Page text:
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22 Examples of Situational Leadership

Situational leadership is the practice of adapting leadership style to each situation. It is common for leadership theory to assume that leaders have a hardcoded style linked to their personality that never changes. This doesn't reflect the real world where leaders commonly adapt to the demands of each situation. The following are illustrative examples of situational leadership.
A manager who pushes for higher productivity when a business faces pressures such as a recession.
Allowing high performers to pursue their own working style without interference.
Being protective of your team and offensive towards competing teams.
Giving people independence but stepping in when they go off the rails.
Giving people independence where they have proven they can handle it.
Giving people independence where they seem to value freedom.
Giving people the challenges that they need while recognizing that some people are happy and productive with routine stability.
Humbly supporting those who are outrageously talented.
Leading with authority where you have high expertise and deferring to others where you don't know much.
Making decisions without consultation when you know what you're doing.
Making sure that low performers feel pressure to improve.
Making sure that top performers with rare talents are happy and supported.
Providing direction to people who crave certainty.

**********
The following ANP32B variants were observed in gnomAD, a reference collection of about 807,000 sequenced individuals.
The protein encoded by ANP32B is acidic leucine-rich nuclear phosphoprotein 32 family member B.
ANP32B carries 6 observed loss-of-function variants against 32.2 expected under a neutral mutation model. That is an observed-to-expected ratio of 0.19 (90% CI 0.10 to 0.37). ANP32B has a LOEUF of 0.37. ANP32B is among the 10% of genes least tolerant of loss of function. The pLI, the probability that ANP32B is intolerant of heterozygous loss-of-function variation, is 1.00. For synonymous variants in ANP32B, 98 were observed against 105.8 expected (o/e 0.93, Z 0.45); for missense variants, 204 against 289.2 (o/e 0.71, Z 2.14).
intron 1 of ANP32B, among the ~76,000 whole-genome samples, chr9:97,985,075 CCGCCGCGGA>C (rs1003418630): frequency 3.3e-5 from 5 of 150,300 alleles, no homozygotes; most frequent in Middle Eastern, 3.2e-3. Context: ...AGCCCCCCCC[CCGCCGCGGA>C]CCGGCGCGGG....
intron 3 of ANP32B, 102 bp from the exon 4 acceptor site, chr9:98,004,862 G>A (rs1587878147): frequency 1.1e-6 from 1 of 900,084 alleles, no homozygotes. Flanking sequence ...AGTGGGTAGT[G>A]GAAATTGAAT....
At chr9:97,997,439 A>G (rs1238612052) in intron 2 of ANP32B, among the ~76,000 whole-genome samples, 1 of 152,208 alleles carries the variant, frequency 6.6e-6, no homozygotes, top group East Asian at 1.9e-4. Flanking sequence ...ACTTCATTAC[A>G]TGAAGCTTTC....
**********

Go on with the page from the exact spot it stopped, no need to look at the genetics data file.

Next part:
Providing low performers with oversight, feedback and direction.
Providing supervision to people who have demonstrated low diligence.
Selling decisions without group consensus where group consensus is unnecessary or improbable.
Stepping in to guide groups away from irrational decisions.
Stepping in to guide groups away from mediocrity and groupthink.
Taking control of critical situations that require extremely high diligence.
Use of command and control for missions that require precise execution of orders.
Using charisma where possible but being willing to be unlikable if this is necessary.
Using democratic processes strategically to build support for change.

Leadership Myths

In practice, leaders and managers commonly use a situational style such that the following can be considered leadership myths.
The idea that leadership style always reflects personality.

The idea that certain leadership styles are "wrong."

The idea that certain leadership styles are universally "better" or "correct."

The idea that a single leadership style can be applied to all situations. For example, leading people into battle versus leading a team of visual designers.

Illustrative Example

It is common to present families as having either an authoritative or democratic style of parenting (leadership of a family). This is a false dichotomy that ignores real world parenting styles that are often situational. Sure, you might be democratic to ask the entire family where they want to go for dinner but it probably wouldn't be a good idea to ask the entire family which mortgage terms to choose or other family decisions that require the knowledge and authority of parents.
Overview: Situational Leadership
The practice of adapting leadership style to each situation.
Attributed To
Paul Hersey and Ken Blanchard
Based On
Related Concepts
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